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BRICS to contribute US$100b to stabilize currency markets
Last Updated: 2013-09-06 09:27 | CE.cn
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By Li Hongmei

The BRICS group of emerging economies will contribute US$100 billion to a fighting fund to steady currency markets destabilized by an expected pullback of US monetary stimulus, Russian President Vladimir Putin said yesterday.

The term BRICS refers to Brazil, Russia, India, China and South Africa.

China, holder of the world's largest foreign exchange reserves, will contribute US$41 billion of the currency pool; Brazil, India and Russia US$18 billion each; and South Africa US$5 billion.

"The initiative to establish a BRICS currency reserve pool is at its final stage," Putin said in opening remarks to a meeting of BRICS leaders during a Group of 20 summit in Russia's second city, St Petersburg.

Russian Deputy Finance Minister Sergei Storchak said details still needed to be worked out, suggesting that much more work would need to be done on the reserve facility.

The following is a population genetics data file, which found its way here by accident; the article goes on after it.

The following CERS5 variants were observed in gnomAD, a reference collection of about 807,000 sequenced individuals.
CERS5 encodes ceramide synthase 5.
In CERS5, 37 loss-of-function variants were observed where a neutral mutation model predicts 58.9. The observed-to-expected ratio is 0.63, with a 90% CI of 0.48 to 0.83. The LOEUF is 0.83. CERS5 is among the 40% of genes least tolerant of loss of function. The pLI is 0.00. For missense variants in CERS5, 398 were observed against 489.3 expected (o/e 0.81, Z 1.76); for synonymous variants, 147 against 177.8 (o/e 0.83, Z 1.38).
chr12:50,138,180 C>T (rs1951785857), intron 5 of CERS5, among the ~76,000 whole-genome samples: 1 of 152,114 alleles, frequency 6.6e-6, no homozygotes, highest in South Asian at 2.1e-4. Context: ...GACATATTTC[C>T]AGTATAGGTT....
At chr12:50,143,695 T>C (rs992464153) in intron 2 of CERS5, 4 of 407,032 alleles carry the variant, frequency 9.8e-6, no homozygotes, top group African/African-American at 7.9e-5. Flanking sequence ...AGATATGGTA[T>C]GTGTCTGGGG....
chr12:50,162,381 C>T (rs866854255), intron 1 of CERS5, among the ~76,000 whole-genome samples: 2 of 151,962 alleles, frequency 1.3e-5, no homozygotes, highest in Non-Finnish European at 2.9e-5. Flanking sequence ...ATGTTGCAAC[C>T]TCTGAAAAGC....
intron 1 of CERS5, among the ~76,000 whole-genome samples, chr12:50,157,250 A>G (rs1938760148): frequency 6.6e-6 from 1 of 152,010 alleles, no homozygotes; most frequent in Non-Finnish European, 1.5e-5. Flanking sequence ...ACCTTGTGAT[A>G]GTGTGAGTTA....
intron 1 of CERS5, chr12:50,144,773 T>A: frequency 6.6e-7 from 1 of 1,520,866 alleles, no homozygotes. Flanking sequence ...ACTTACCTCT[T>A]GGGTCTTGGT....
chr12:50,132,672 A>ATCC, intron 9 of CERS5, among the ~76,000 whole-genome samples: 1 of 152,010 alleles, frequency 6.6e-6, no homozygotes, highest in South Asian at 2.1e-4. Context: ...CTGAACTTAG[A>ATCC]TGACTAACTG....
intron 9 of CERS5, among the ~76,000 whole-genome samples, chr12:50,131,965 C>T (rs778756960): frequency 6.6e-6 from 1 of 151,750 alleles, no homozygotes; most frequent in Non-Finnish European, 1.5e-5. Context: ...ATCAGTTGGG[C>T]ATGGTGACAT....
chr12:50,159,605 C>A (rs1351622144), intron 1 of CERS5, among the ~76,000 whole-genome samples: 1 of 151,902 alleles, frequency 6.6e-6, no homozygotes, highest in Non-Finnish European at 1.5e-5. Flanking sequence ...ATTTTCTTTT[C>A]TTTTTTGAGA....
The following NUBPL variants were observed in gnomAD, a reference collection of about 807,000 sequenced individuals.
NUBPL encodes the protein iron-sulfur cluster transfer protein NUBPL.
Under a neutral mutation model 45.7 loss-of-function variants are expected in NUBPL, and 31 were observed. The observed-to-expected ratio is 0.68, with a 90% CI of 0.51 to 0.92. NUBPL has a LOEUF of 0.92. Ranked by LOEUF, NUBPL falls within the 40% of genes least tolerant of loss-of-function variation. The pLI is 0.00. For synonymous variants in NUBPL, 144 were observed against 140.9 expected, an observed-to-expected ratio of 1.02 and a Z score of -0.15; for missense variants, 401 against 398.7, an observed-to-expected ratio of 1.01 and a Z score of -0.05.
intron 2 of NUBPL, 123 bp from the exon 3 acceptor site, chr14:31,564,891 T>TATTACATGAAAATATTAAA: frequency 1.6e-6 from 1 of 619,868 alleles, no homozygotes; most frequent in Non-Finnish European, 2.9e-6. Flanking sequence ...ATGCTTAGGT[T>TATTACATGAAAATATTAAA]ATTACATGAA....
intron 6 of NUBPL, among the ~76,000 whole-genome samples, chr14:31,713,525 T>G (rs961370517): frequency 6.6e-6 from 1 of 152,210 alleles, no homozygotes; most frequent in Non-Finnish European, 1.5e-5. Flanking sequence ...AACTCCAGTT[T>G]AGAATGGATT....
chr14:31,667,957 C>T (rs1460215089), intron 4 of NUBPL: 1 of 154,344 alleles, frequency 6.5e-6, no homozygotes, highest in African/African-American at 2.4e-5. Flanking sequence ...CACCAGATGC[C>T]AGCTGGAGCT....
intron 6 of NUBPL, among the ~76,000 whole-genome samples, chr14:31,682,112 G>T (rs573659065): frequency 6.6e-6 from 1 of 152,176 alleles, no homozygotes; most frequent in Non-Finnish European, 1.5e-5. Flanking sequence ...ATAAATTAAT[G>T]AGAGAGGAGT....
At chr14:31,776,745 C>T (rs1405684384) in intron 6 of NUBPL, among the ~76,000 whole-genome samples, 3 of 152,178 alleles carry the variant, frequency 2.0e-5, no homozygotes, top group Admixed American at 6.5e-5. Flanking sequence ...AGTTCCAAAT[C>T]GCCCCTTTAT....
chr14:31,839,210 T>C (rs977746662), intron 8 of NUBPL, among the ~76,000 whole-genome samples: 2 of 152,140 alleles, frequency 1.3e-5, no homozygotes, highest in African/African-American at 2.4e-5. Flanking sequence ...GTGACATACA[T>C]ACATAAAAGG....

A joint BRICS development bank, with capital of up to US$50 billion, is also still months away from realization amid disagreements over burden sharing and where it should be based.

"We have asked not to create unnecessary expectations," Storchak said regarding the currency pool. "Politically, the countries are ready, but technically they are not."

Last year's original initiative foresaw creating a pool of central bank funds available to BRICS facing balance of payments difficulties. There was also a push to create an IMF-style credit line to insure against external shocks.

China said yesterday that there is currently no need to draw up bailout packages for emerging countries hit by capital outflows and currency devaluations, but urged rapid reforms of their economies.

Chinese Vice Finance Minister Zhu Guangyao told reporters at the G20 meeting that the economic fundamentals of these countries remain sound and that they have the means to handle the problem themselves.

And while he acknowledged that reasons for the current economic problems faced by the so-called BRICS leading emerging economies are external, he also said internal structural problems were at the origin of the strains. "Therefore we think that currently all BRICS countries do not need special bailout plans but economic structural reforms are necessary," he said.

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